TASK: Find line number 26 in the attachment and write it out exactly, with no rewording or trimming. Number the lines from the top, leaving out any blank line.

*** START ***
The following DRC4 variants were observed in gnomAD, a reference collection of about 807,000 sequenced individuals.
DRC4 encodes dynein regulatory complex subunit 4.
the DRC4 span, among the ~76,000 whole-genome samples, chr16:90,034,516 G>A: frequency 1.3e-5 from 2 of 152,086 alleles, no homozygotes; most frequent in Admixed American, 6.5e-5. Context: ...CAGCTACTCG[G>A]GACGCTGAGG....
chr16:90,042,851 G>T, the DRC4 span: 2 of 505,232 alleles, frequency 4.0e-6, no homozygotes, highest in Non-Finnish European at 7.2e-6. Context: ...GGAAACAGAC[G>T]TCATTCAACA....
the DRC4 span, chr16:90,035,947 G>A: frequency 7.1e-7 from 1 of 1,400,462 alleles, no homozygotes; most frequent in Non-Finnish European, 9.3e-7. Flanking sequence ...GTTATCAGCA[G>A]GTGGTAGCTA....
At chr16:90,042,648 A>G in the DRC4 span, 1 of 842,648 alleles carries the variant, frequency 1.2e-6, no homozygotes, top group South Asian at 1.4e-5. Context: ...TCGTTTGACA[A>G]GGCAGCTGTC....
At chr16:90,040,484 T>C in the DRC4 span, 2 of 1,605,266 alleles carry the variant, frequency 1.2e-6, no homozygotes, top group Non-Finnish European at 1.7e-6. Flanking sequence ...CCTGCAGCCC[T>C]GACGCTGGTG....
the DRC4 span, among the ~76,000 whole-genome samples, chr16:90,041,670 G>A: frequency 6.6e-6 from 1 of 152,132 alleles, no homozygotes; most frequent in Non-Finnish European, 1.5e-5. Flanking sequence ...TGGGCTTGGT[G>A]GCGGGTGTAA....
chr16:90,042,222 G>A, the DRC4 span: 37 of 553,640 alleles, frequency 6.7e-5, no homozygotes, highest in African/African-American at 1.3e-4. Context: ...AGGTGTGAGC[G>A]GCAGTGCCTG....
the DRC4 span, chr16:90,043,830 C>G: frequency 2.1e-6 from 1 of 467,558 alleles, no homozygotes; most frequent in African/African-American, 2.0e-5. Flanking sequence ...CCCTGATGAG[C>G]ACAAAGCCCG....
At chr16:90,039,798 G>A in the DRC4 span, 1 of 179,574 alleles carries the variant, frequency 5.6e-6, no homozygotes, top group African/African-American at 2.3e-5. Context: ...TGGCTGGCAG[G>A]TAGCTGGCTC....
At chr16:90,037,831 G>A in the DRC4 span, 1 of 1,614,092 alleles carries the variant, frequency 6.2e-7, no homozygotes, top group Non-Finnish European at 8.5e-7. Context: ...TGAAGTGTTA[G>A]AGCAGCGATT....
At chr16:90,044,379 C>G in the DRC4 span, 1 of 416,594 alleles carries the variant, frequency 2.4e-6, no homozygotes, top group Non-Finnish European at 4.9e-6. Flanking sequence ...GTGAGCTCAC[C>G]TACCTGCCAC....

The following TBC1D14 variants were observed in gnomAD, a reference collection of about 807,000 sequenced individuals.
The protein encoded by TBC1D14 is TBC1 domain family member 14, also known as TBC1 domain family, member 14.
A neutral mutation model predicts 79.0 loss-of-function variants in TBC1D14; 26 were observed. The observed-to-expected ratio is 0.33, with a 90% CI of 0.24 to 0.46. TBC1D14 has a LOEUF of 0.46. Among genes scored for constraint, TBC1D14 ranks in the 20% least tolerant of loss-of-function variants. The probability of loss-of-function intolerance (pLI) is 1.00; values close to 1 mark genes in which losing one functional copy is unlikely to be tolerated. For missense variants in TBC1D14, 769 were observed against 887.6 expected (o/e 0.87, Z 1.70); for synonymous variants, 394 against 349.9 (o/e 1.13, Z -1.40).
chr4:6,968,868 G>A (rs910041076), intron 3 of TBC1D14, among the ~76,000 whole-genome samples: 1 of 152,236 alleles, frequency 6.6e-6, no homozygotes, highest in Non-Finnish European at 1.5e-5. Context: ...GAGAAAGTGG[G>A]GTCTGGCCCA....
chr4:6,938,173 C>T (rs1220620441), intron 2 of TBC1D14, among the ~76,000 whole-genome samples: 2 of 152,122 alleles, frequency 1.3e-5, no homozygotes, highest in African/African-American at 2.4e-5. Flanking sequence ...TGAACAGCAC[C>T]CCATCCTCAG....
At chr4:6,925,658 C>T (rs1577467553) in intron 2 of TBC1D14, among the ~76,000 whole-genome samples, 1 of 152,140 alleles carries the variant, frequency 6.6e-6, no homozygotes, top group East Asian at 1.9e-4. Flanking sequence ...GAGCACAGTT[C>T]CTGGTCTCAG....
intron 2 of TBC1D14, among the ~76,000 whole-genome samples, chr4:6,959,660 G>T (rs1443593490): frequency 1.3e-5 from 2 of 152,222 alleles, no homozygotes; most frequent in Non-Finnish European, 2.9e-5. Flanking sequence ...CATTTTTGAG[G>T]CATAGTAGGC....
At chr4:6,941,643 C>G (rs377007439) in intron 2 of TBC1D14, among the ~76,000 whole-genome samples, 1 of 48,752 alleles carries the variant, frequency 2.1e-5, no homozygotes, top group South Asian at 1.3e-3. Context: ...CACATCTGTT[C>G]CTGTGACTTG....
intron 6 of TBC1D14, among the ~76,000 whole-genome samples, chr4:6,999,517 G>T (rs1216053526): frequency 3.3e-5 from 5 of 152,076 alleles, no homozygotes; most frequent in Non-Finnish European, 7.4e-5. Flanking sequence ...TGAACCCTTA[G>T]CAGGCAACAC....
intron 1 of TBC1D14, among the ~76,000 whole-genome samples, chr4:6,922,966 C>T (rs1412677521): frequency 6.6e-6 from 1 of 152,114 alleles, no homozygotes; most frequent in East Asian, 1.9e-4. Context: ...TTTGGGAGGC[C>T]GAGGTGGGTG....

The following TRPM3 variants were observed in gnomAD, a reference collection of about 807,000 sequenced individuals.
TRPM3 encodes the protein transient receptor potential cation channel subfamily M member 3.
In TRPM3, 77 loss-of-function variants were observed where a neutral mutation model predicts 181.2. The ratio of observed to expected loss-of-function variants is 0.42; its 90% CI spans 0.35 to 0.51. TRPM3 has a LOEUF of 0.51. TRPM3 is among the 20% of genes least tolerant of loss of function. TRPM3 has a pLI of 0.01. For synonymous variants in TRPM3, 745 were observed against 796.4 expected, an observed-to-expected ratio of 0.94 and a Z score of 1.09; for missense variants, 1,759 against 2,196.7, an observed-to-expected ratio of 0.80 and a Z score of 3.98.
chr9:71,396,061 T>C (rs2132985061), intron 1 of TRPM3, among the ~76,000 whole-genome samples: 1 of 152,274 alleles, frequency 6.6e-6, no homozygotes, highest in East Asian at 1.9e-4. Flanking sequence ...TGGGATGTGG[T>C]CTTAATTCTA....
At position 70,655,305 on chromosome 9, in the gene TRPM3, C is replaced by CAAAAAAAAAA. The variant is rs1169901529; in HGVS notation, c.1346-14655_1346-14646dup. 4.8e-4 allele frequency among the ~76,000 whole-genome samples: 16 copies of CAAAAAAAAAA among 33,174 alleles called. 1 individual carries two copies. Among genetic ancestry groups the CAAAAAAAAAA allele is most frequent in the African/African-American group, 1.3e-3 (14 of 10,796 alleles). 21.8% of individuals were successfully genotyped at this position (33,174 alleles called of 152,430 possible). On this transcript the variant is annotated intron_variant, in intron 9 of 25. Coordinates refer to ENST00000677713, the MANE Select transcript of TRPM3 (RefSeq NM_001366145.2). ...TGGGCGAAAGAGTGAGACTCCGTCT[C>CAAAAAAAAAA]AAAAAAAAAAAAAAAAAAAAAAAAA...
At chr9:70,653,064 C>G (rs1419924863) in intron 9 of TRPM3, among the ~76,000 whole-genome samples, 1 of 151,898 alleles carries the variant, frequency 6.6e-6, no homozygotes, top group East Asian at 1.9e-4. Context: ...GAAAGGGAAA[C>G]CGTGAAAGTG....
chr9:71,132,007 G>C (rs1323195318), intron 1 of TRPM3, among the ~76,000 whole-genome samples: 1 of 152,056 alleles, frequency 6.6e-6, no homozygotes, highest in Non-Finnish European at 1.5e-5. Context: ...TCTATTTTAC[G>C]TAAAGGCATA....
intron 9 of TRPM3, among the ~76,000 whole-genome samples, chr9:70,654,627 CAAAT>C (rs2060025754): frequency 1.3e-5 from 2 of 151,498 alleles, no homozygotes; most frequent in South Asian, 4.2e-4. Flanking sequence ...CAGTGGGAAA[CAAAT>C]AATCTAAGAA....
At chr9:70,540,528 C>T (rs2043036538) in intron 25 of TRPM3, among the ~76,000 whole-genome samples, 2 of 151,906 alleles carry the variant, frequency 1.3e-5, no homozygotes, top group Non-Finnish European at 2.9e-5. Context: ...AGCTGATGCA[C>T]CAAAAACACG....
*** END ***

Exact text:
In TRPM3, 77 loss-of-function variants were observed where a neutral mutation model predicts 181.2. The ratio of observed to expected loss-of-function variants is 0.42; its 90% CI spans 0.35 to 0.51. TRPM3 has a LOEUF of 0.51. TRPM3 is among the 20% of genes least tolerant of loss of function. TRPM3 has a pLI of 0.01. For synonymous variants in TRPM3, 745 were observed against 796.4 expected, an observed-to-expected ratio of 0.94 and a Z score of 1.09; for missense variants, 1,759 against 2,196.7, an observed-to-expected ratio of 0.80 and a Z score of 3.98.